The first and most critical step in beating any addiction problem is to recognise that you have one. For many addicts and alcoholics, they go through a process of years of denial before finally admitting defeat and accepting help. For many years addicts and alcoholics live in a world where they would love to be free from their addiction, but cannot see the light at the end of the tunnel.
So, they accept defeat, that their problems are too difficult to overcome or they are simply too scared to go through the emotional and physical pain of confronting the addiction. Some alcoholics and addicts, despite the negative consequences of their behaviour becoming more costly and more frequent, enjoy drinking and/or using drugs so much that they just don’t want to stop.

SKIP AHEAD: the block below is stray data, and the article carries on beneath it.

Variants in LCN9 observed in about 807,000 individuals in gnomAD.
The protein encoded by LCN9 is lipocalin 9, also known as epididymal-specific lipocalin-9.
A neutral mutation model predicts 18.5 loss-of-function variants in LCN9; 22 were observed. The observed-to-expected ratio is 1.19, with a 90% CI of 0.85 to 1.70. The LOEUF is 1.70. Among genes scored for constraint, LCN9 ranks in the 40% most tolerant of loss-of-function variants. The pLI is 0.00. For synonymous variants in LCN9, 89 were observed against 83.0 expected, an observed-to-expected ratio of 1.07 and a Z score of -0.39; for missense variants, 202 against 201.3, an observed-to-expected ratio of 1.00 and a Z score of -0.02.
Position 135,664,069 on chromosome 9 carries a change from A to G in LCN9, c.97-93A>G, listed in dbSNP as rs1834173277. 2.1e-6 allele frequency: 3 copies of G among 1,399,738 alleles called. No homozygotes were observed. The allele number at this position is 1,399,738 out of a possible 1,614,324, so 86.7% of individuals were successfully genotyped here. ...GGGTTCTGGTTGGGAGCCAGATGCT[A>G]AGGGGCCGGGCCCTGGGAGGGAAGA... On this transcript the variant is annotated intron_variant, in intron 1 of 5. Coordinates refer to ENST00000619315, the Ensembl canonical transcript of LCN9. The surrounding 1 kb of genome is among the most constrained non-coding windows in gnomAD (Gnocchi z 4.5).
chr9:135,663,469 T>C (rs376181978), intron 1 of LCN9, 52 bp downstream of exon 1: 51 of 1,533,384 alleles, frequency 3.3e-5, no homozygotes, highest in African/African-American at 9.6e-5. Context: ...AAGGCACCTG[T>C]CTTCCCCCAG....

The concept of ‘Acceptance’ is key in addiction recovery. Once a person accepts that they have a problem they open themselves up to others for help. Acceptance is not about knowing the answers and knowing what to do, it’s simply saying ‘I have a problem’ or ‘My alcohol use is causing me problems that are having a detrimental impact on my life which I don’t want to happen anymore, but I can’t stop myself’.
This is when Rehab Healthcare can step in and start to facilitate the process of change.
The Cycle of Change
The cycle of change is a theory described in a book, Change for Good, by James Prochaska. It can be applied to the process behind any behavioural change that a person goes through to get from Point A to Point B and certainly describes the journey for an addict from the depths of despair into long-term recovery:
Pre-contemplation, (What problem? Go away!) At this stage people don’t want to admit that they have a problem and avoid talking about it. Some people stay in this stage of change for a long time and often experience growing problems. This difficult stage is often called “denial”.